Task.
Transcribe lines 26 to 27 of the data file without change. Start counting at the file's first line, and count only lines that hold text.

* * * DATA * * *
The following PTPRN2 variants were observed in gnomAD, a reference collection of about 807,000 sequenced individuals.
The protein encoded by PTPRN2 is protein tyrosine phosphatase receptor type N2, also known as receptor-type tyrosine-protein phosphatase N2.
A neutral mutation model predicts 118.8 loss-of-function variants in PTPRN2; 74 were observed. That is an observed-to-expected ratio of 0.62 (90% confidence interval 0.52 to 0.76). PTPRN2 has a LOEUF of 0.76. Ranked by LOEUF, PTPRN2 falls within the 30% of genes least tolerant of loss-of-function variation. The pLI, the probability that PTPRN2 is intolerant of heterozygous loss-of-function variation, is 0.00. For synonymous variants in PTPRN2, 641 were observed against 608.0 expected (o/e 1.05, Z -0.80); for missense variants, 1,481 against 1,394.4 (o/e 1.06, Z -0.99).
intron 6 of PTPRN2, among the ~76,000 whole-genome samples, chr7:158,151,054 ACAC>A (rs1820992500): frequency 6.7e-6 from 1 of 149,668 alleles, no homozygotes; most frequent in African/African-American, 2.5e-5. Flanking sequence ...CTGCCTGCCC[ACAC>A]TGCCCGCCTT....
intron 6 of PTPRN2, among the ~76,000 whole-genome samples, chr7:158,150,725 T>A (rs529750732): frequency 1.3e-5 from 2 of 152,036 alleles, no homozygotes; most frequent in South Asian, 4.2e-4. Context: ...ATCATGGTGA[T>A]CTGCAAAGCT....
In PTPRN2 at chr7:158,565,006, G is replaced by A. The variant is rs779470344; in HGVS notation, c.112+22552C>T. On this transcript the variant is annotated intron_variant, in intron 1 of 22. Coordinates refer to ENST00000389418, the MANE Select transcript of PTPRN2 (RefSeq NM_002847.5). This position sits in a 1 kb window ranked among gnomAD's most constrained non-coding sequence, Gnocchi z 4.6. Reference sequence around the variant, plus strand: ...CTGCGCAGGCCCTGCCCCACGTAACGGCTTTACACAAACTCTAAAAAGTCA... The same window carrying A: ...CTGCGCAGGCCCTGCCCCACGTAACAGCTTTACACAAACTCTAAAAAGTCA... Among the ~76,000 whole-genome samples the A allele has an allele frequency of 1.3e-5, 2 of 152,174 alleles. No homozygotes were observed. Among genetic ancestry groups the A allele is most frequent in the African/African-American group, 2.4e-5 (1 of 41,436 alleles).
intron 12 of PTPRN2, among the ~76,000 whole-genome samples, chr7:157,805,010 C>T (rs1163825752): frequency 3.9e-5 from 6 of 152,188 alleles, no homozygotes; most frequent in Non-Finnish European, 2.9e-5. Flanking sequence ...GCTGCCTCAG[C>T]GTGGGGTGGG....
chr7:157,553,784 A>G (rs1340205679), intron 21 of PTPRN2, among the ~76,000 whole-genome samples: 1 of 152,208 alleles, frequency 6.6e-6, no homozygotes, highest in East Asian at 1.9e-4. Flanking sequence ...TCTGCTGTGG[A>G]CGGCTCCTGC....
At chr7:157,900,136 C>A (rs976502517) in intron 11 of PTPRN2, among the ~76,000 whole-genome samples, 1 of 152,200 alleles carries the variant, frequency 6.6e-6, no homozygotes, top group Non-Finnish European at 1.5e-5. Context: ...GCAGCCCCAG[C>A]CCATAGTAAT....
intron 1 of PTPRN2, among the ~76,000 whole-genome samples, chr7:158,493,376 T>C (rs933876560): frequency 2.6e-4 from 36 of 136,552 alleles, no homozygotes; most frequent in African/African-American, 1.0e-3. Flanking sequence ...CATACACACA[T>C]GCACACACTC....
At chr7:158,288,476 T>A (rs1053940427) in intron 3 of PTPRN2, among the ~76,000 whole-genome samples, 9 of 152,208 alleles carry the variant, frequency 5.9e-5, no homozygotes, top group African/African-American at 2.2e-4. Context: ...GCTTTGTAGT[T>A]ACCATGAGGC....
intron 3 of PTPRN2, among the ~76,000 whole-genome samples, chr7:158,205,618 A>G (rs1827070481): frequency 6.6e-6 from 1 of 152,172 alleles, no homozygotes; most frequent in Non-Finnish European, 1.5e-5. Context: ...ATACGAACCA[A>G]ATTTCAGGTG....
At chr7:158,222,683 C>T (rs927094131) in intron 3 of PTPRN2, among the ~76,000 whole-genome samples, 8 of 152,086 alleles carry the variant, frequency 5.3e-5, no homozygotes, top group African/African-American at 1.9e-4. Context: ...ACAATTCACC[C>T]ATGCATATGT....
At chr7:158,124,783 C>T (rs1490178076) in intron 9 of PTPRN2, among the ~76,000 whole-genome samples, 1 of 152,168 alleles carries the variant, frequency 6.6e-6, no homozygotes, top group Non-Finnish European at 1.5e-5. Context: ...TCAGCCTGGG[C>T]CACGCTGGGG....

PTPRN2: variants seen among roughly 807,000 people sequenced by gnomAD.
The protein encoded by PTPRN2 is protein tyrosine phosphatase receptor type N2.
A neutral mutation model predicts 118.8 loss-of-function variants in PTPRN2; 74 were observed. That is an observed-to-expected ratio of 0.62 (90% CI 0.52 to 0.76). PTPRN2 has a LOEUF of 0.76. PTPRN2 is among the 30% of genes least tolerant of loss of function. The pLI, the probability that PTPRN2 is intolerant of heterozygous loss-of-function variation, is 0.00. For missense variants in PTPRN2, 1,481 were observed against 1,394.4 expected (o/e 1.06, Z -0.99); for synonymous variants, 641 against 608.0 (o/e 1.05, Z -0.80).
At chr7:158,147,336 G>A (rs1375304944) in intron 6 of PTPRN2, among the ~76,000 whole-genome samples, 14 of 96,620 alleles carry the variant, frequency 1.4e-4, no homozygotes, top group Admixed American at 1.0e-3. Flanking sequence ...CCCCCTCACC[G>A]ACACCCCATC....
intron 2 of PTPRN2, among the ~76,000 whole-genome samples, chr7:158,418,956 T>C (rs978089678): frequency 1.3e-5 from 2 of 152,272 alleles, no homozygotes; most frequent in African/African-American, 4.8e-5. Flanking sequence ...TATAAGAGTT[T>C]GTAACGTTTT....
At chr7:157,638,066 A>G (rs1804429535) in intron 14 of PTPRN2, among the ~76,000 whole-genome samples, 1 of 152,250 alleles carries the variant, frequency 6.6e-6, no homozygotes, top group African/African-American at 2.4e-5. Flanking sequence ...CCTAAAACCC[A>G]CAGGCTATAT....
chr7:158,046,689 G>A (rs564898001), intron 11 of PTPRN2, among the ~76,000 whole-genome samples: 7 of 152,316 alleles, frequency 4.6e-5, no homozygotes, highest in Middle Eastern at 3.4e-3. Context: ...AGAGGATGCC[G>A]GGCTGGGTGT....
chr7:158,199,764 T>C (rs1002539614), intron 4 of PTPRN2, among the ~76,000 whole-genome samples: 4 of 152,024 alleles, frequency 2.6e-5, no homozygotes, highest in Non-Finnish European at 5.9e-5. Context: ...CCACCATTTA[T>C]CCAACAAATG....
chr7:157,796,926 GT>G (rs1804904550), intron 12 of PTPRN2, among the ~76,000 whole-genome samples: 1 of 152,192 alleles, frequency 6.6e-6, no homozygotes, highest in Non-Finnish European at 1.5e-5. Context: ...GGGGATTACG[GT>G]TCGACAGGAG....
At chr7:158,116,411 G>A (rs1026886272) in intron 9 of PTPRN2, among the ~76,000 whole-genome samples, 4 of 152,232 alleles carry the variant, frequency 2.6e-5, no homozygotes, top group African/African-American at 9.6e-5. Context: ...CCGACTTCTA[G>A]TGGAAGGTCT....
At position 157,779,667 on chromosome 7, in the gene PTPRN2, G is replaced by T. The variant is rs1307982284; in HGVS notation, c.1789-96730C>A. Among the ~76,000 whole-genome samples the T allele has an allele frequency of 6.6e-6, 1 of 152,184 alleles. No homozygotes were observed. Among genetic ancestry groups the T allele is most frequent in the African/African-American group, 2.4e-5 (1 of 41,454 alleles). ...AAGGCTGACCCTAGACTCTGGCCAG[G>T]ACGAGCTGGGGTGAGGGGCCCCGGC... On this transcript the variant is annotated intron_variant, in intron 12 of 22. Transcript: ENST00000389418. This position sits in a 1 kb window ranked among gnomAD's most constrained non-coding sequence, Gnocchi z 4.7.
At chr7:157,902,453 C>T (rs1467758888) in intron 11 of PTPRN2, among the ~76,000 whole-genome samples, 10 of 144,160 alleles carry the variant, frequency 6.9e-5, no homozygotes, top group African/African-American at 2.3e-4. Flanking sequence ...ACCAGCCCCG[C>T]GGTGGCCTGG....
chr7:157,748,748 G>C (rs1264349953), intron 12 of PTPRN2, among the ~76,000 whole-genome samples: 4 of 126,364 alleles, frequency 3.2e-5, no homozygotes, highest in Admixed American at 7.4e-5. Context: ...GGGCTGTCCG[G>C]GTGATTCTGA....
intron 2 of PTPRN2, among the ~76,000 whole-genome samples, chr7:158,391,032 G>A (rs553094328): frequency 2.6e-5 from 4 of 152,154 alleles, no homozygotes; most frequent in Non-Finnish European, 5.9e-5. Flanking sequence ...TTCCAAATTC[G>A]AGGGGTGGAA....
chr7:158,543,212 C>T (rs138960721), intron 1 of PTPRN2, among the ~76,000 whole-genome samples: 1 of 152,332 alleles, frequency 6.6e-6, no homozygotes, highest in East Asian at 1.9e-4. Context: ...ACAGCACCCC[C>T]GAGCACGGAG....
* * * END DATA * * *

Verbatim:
At chr7:157,902,453 C>T (rs1467758888) in intron 11 of PTPRN2, among the ~76,000 whole-genome samples, 10 of 144,160 alleles carry the variant, frequency 6.9e-5, no homozygotes, top group African/African-American at 2.3e-4. Flanking sequence ...ACCAGCCCCG[C>T]GGTGGCCTGG....
chr7:157,748,748 G>C (rs1264349953), intron 12 of PTPRN2, among the ~76,000 whole-genome samples: 4 of 126,364 alleles, frequency 3.2e-5, no homozygotes, highest in Admixed American at 7.4e-5. Context: ...GGGCTGTCCG[G>C]GTGATTCTGA....